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Title: Governing the Access to COVID-19 Tools Accelerator: towards greater participation, transparency, and accountability
Authors: Moon, S
Armstrong, J
Hutler, B
Upshur, R
Katz, R
Atuire, C
Bhan, A
Emanuel, E
Faden, R
Ghimire, P
Greco, D
Ho, CW
Kochhar, S
Schaefer, GO 
Shamsi-Gooshki, E
Singh, JA
Smith, MJ
Wolff, J
Keywords: COVID-19
Clinical Governance
Decision Making, Organizational
Global Health
International Cooperation
Public Health Administration
Issue Date: 29-Jan-2022
Publisher: Elsevier BV
Citation: Moon, S, Armstrong, J, Hutler, B, Upshur, R, Katz, R, Atuire, C, Bhan, A, Emanuel, E, Faden, R, Ghimire, P, Greco, D, Ho, CW, Kochhar, S, Schaefer, GO, Shamsi-Gooshki, E, Singh, JA, Smith, MJ, Wolff, J (2022-01-29). Governing the Access to COVID-19 Tools Accelerator: towards greater participation, transparency, and accountability. The Lancet 399 (10323) : 487-494. ScholarBank@NUS Repository.
Abstract: The Access to COVID-19 Tools Accelerator (ACT-A) is a multistakeholder initiative quickly constructed in the early months of the COVID-19 pandemic to respond to a catastrophic breakdown in global cooperation. ACT-A is now the largest international effort to achieve equitable access to COVID-19 health technologies, and its governance is a matter of broad public importance. We traced the evolution of ACT-A's governance through publicly available documents and analysed it against three principles embedded in the founding mission statement of ACT-A: participation, transparency, and accountability. We found three challenges to realising these principles. First, the roles of the various organisations in ACT-A decision making are unclear, obscuring who might be accountable to whom and for what. Second, the absence of a clearly defined decision making body; ACT-A instead has multiple centres of legally binding decision making and uneven arrangements for information transparency, inhibiting meaningful participation. Third, the nearly indiscernible role of governments in ACT-A, raising key questions about political legitimacy and channels for public accountability. With global public health and billions in public funding at stake, short-term improvements to governance arrangements can and should now be made. Efforts to strengthen pandemic preparedness for the future require attention to ethical, legitimate arrangements for governance.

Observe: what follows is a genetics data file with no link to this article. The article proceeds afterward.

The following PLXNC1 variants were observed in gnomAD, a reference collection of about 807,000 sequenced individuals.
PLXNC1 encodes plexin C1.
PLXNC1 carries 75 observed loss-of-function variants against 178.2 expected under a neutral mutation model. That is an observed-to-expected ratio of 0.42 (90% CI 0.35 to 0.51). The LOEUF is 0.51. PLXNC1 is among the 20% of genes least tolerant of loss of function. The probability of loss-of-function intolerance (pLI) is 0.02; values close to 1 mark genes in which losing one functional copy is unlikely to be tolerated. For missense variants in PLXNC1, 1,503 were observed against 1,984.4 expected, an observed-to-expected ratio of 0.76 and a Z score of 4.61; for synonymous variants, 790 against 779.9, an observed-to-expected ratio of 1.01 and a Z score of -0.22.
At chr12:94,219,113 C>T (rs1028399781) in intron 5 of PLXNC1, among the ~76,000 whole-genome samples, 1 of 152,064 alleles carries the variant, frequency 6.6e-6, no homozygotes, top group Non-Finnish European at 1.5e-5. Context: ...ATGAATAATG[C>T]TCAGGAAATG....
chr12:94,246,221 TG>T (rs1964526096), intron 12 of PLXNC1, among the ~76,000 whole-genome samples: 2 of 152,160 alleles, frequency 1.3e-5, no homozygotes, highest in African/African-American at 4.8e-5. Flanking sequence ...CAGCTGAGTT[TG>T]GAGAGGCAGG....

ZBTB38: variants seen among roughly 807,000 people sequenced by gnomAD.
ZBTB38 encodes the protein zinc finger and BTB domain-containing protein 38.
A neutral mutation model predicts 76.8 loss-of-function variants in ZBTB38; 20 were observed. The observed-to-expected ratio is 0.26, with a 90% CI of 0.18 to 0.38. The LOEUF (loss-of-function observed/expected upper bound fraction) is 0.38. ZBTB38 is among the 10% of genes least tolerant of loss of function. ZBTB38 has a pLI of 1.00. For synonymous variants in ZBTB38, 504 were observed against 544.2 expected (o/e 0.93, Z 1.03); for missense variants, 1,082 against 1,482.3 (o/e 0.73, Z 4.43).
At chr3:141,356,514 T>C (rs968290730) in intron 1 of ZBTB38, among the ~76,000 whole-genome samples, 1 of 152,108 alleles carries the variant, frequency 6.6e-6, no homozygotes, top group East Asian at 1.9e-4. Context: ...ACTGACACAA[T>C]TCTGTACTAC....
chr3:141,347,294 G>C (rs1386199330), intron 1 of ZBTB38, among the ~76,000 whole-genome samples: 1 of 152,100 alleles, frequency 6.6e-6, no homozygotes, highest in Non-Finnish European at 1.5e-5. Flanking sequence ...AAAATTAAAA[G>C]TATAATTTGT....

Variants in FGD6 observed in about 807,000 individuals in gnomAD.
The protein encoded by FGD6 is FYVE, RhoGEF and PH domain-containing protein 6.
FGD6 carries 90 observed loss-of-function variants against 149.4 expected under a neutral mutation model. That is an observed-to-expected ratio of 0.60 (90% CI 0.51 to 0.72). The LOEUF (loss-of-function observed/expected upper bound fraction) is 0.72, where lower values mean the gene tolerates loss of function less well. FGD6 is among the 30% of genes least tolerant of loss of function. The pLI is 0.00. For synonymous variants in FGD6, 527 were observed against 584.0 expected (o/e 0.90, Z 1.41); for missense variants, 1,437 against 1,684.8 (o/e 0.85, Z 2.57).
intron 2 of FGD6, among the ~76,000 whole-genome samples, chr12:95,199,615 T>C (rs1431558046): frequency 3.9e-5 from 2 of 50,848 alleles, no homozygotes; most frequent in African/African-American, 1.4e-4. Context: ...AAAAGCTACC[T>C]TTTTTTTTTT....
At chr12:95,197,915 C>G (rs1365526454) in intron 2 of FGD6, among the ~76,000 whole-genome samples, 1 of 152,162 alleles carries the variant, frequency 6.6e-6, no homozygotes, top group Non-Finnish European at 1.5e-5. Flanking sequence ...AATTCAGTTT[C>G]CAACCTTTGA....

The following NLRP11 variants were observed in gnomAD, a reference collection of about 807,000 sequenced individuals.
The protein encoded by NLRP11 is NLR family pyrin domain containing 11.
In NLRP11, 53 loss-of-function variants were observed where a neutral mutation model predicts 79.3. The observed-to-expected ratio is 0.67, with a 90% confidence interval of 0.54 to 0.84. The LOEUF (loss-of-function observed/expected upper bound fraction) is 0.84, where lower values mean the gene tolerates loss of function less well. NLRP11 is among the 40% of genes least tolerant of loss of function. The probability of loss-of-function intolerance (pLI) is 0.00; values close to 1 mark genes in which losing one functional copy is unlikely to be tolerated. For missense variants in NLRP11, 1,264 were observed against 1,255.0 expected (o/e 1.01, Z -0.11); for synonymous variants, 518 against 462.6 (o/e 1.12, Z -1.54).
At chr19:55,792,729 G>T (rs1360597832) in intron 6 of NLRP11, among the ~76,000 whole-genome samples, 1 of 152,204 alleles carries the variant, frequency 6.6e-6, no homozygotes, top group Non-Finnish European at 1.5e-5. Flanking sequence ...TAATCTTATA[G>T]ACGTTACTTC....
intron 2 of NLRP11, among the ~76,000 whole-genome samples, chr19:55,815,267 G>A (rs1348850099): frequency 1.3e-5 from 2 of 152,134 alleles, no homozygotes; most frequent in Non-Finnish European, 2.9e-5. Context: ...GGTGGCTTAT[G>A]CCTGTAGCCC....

Source Title: The Lancet
ISSN: 01406736
DOI: 10.1016/S0140-6736(21)02344-8
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